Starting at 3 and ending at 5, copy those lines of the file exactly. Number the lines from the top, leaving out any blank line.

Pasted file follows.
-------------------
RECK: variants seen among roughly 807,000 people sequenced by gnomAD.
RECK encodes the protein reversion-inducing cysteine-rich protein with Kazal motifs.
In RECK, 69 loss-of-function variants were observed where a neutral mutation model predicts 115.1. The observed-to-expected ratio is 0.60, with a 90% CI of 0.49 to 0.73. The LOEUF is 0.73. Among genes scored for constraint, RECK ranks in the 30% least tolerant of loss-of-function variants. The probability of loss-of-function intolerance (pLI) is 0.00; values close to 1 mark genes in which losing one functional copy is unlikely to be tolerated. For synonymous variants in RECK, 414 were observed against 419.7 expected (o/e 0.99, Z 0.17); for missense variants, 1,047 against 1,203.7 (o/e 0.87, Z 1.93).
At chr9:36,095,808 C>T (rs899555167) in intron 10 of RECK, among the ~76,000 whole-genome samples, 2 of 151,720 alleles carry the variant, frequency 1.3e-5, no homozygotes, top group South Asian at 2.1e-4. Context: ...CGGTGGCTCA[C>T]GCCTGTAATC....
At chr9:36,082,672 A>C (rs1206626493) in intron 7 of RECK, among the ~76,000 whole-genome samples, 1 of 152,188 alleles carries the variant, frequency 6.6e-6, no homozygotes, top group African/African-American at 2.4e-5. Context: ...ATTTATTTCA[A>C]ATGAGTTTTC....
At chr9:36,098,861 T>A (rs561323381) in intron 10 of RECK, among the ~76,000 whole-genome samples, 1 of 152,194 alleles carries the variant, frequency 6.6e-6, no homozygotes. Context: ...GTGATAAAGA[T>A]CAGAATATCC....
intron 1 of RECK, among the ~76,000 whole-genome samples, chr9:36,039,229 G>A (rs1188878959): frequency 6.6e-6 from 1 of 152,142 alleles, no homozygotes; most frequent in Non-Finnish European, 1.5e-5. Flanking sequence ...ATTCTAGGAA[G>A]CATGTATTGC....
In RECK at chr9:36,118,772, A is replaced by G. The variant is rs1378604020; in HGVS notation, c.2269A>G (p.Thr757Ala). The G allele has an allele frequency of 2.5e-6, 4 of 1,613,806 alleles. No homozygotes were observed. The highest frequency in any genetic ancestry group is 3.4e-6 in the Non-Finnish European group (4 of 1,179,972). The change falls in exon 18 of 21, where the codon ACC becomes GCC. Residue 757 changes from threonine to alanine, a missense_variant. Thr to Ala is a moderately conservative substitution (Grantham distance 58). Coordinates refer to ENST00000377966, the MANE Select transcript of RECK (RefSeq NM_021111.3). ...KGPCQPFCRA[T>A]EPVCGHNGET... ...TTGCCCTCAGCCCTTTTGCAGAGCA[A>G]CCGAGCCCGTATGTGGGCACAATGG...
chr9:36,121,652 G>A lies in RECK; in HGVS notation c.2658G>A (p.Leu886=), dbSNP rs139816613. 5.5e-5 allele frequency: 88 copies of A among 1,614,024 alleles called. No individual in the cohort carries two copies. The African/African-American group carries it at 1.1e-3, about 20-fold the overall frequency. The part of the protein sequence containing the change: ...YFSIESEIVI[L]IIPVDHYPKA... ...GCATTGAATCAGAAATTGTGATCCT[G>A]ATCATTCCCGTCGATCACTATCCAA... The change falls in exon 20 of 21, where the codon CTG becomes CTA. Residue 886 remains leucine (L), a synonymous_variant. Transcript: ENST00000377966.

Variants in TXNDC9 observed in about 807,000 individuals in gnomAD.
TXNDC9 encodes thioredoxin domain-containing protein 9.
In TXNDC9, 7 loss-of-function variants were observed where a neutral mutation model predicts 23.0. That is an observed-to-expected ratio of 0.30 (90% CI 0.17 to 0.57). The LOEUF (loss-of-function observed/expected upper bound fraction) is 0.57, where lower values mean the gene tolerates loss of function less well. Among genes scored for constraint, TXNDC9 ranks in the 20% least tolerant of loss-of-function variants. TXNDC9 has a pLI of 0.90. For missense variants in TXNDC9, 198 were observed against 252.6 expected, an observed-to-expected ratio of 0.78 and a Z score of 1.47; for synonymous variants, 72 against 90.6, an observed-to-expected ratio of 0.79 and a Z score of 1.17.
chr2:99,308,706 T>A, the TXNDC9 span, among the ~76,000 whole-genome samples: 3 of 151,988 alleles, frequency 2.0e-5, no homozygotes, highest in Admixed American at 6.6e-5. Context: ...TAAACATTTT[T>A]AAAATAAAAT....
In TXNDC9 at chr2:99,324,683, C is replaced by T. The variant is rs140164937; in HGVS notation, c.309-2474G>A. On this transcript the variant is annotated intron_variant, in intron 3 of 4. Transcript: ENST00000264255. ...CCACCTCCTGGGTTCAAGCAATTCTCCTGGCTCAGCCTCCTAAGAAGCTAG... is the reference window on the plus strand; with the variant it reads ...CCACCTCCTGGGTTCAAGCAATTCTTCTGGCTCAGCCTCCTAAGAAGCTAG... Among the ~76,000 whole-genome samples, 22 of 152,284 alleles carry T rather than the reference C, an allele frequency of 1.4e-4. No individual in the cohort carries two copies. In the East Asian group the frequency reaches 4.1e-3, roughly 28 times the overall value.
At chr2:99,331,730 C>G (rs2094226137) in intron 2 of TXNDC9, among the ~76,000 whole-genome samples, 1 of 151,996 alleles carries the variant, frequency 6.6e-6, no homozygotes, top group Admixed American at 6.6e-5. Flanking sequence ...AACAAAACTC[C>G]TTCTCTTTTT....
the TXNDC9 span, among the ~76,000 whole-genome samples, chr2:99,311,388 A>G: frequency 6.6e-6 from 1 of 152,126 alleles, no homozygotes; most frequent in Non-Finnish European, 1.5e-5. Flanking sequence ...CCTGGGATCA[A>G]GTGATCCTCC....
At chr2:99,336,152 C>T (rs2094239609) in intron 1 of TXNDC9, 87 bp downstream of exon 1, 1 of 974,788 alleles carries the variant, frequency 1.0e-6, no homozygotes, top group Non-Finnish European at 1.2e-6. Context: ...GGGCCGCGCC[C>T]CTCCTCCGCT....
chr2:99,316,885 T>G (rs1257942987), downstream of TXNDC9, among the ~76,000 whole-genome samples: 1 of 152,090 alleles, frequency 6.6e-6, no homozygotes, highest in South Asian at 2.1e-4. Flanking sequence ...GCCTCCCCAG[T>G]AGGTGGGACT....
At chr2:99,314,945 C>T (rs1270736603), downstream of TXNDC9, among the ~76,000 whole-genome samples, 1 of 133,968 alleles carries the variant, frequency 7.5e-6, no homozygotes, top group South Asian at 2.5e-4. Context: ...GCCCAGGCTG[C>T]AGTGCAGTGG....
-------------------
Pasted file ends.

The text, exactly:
In RECK, 69 loss-of-function variants were observed where a neutral mutation model predicts 115.1. The observed-to-expected ratio is 0.60, with a 90% CI of 0.49 to 0.73. The LOEUF is 0.73. Among genes scored for constraint, RECK ranks in the 30% least tolerant of loss-of-function variants. The probability of loss-of-function intolerance (pLI) is 0.00; values close to 1 mark genes in which losing one functional copy is unlikely to be tolerated. For synonymous variants in RECK, 414 were observed against 419.7 expected (o/e 0.99, Z 0.17); for missense variants, 1,047 against 1,203.7 (o/e 0.87, Z 1.93).
At chr9:36,095,808 C>T (rs899555167) in intron 10 of RECK, among the ~76,000 whole-genome samples, 2 of 151,720 alleles carry the variant, frequency 1.3e-5, no homozygotes, top group South Asian at 2.1e-4. Context: ...CGGTGGCTCA[C>T]GCCTGTAATC....
At chr9:36,082,672 A>C (rs1206626493) in intron 7 of RECK, among the ~76,000 whole-genome samples, 1 of 152,188 alleles carries the variant, frequency 6.6e-6, no homozygotes, top group African/African-American at 2.4e-5. Context: ...ATTTATTTCA[A>C]ATGAGTTTTC....